Mayor Marion Barry, stung by mounting criticism of his veto of a bill giving the D.C. people's counsel more authority to spend money representing consumers in utility cases, described as "B.S." yesterday charges that his action is anticonsumer.

Barry defended his overall record on consumer affairs, but City Council members and civic groups that backed the legislation insist that they were double-crossed and that the mayor bowed to last-minute pressure from the Public Service Commission (PSC) and utility companies.

The PSC and the utilities have tried for years to minimize the financial wherewithal and power of the people's counsel to oppose major rate increases of the gas, electric and telephone companies.

Supporters of the bill say consumers would pay higher utility rates without the bill.

"One of the things I resent most is that we bent over backward to accommodate the executive," said council member Betty Ann Kane (D-At Large), chief sponsor of the bill. "And we resent the PSC, which refuses to come before my committee to explain its decisions in rate cases, going around behind our backs using staff all weekend to lobby council members."

A motion to override the veto may be brought up at today's City Council meeting. Kane and Charlene Drew Jarvis (D-Ward 4) predicted yesterday that supporters of the bill can muster the two-thirds vote necessary for an override, while other members said the vote would be extremely close.

PSC Chairman Patricia Worthy visited the offices of council members yesterday doing last-minute lobbying in support of the mayor's veto, council members said. Meanwhile, two major civic groups distributed a joint letter to council members urging them to override the veto.

The legislation would enable the people's counsel to incur costs for outside legal and technical assistance and to assess the utilities for those costs without the PSC being able to deny the assessments. At present, the PSC has the authority to limit those assessments.

The people's counsel has been operating under special council-passed legislation that will expire in February. Unless the council overrides the mayor's veto or approves different legislation acceptable to the mayor, the people's counsel could no longer hire outside lawyers using assessments on utilities, in light of an adverse ruling by the D.C. Court of Appeals on April 12.

The people's counsel has an annual budget of $825,000 and employs 14 workers. However, from October 1982 through 1983, the office assessed utility companies $2.1 million to pay for outside consultants. The PSC's costs -- an annual budget of $2.4 million, and assessments from October 1982 through 1983 of $2.6 million -- also are borne by the utilities, which in turn pass them on to consumers.

In vetoing the bill last Friday, Barry cited the PSC's unanimous opposition to a provision that would prohibit the commission's paid staff from continuing to take formal positions on proposed rate increases. Critics of this practice say that PSC staff should remain neutral and leave it to the utilities and the people's counsel to argue the merits of proposed increases.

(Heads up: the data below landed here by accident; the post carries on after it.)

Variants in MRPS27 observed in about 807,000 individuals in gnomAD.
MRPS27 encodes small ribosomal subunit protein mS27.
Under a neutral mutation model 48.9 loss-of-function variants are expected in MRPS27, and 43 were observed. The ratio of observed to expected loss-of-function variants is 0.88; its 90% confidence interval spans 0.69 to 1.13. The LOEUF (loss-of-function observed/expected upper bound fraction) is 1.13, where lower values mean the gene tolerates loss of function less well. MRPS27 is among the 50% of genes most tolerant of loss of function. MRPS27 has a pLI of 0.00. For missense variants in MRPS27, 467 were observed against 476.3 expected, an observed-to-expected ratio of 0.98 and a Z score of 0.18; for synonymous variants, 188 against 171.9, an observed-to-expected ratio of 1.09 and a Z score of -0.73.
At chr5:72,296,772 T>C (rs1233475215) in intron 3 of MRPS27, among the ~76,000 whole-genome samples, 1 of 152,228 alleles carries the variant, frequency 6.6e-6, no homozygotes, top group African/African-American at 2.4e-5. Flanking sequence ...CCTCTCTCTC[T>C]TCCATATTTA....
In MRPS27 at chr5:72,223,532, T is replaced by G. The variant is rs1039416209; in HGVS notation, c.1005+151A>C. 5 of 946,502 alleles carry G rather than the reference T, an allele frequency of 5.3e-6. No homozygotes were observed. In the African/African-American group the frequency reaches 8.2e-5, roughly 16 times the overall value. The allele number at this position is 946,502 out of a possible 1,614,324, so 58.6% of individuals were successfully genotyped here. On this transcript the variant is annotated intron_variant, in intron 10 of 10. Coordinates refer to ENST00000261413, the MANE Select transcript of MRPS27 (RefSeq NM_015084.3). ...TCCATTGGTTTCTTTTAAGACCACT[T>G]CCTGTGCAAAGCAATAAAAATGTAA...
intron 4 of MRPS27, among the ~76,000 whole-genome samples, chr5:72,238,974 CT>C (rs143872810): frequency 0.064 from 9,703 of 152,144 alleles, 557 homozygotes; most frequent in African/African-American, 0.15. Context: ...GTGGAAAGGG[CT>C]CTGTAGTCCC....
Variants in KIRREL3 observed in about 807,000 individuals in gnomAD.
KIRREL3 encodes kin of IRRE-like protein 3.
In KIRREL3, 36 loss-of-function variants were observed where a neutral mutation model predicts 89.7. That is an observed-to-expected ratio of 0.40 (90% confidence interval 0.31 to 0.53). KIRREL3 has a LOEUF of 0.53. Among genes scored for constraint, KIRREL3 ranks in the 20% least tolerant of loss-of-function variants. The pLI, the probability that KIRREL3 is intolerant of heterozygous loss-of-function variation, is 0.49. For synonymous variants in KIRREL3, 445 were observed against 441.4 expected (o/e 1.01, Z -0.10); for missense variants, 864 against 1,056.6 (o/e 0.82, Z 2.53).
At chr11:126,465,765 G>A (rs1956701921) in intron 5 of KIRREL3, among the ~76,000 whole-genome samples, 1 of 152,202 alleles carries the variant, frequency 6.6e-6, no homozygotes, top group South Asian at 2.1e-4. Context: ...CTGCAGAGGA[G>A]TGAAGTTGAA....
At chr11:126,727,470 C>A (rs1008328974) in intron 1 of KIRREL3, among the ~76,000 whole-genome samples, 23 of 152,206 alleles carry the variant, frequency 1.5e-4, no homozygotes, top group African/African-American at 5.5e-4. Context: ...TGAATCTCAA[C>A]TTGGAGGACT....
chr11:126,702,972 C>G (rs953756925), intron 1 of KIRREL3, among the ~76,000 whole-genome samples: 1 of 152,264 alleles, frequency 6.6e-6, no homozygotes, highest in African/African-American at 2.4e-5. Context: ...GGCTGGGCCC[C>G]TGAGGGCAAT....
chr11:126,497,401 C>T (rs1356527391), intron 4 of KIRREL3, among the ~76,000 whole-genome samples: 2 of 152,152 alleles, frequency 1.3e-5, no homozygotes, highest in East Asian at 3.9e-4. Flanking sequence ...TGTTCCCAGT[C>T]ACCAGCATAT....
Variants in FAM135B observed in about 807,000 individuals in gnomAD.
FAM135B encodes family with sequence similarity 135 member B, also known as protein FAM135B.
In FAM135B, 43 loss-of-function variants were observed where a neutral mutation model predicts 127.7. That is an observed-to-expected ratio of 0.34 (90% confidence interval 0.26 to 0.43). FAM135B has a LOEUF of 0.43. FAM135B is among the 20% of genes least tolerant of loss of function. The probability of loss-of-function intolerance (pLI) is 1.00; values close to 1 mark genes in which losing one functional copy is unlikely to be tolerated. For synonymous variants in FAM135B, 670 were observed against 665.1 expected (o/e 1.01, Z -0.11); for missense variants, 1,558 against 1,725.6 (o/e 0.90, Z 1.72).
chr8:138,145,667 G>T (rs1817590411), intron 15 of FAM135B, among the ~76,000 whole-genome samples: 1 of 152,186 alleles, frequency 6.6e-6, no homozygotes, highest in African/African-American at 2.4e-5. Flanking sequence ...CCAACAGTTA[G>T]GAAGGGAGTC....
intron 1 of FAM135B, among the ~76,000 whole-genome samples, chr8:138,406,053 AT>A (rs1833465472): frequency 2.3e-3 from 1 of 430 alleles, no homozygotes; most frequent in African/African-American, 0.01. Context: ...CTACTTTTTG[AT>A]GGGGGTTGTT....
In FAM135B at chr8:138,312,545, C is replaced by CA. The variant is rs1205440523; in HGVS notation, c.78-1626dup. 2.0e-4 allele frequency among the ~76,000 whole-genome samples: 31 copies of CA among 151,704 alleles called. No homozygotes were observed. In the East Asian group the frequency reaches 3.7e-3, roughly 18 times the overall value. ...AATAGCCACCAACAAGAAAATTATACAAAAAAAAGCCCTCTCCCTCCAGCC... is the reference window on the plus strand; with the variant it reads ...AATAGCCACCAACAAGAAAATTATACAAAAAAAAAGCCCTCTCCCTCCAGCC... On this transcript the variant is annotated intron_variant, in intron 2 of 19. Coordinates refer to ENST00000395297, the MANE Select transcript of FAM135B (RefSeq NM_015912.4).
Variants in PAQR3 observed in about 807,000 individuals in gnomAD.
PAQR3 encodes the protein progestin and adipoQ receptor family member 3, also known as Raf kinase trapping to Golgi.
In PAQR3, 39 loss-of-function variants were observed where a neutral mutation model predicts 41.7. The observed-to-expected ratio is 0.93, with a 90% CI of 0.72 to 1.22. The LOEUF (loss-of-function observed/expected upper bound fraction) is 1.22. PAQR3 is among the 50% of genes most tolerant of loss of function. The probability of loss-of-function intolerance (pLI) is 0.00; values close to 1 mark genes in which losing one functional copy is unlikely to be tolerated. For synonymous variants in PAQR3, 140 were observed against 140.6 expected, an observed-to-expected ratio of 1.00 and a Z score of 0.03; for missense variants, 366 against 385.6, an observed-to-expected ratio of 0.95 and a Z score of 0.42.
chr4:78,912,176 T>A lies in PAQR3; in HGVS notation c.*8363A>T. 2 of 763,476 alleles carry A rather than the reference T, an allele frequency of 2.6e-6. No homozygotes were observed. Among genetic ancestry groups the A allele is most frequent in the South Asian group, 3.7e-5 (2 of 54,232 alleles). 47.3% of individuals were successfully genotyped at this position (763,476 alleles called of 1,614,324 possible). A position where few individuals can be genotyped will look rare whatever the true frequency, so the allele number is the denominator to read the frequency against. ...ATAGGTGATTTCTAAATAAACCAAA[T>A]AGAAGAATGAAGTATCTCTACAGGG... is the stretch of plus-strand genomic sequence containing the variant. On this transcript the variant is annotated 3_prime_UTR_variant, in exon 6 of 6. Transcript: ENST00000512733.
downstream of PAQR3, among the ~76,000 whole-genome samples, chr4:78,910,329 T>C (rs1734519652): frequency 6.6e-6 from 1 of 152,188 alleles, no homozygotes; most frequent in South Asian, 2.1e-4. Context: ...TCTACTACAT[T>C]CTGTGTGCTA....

Clarke and others contend that the mayor seized on the dispute over the role of the staff as an excuse for rejecting the entire bill.

"I just don't perceive that amendment as crucial as Barry and the others do," Clarke said. "That amendment was a coat hanger to go after the whole thing."

However, Barry, who met with the three PSC members the day before Thanksgiving, said he was persuaded that it was imperative that the staff continue to provide the commissioners with formal recommendations in rate cases.

"We were concerned about the loss of staff support," said Commissioner Wesley Long, who took part in the meeting with the mayor.

" . . . I think it's extremely important from my position to have it, and I have depended upon it from time to time," Long said.

During an interview yesterday, Barry said that the PSC's arguments were decisive and that he didn't discuss the issue with officials of the major utilities before making his final decision.

"Legally, I have a responsibility to express my concern, and the way you do it is through the veto," Barry said.

Barry noted that the D.C. Court of Appeals has upheld the PSC in eight of the 10 challenges to the commission's rulings since 1979 and called this "an outstanding record."

Some of those who disagree with allowing the PSC staff to continue to take formal positions in rate cases contend that the staff has frequently sided with the utilities.

The D.C. Federation of Citizens Associations and the Federation of Civic Associations issued a joint resolution yesterday urging an override of the veto.

"I've had a lot of calls" from citizens and advisory neighborhood commissioners, said council member Polly Shackleton (D-Ward 3), who said she is supporting an override. The mayor "had plenty of opportunity to work with everyone on it the bill ," she said.

Senior citizens supported the bill as approved by the City Council and "many, many seniors have called me on the phone," said Juanita Thornton, chairman of the mayor's commission on aging.

Frederick D. Dorsey, the people's counsel, declined to comment further on the controversy yesterday. Last Friday, Dorsey issued a statement saying he was "gravely disappointed" by Barry's veto. "The impact of this veto on all consumers everywhere cannot be overstated."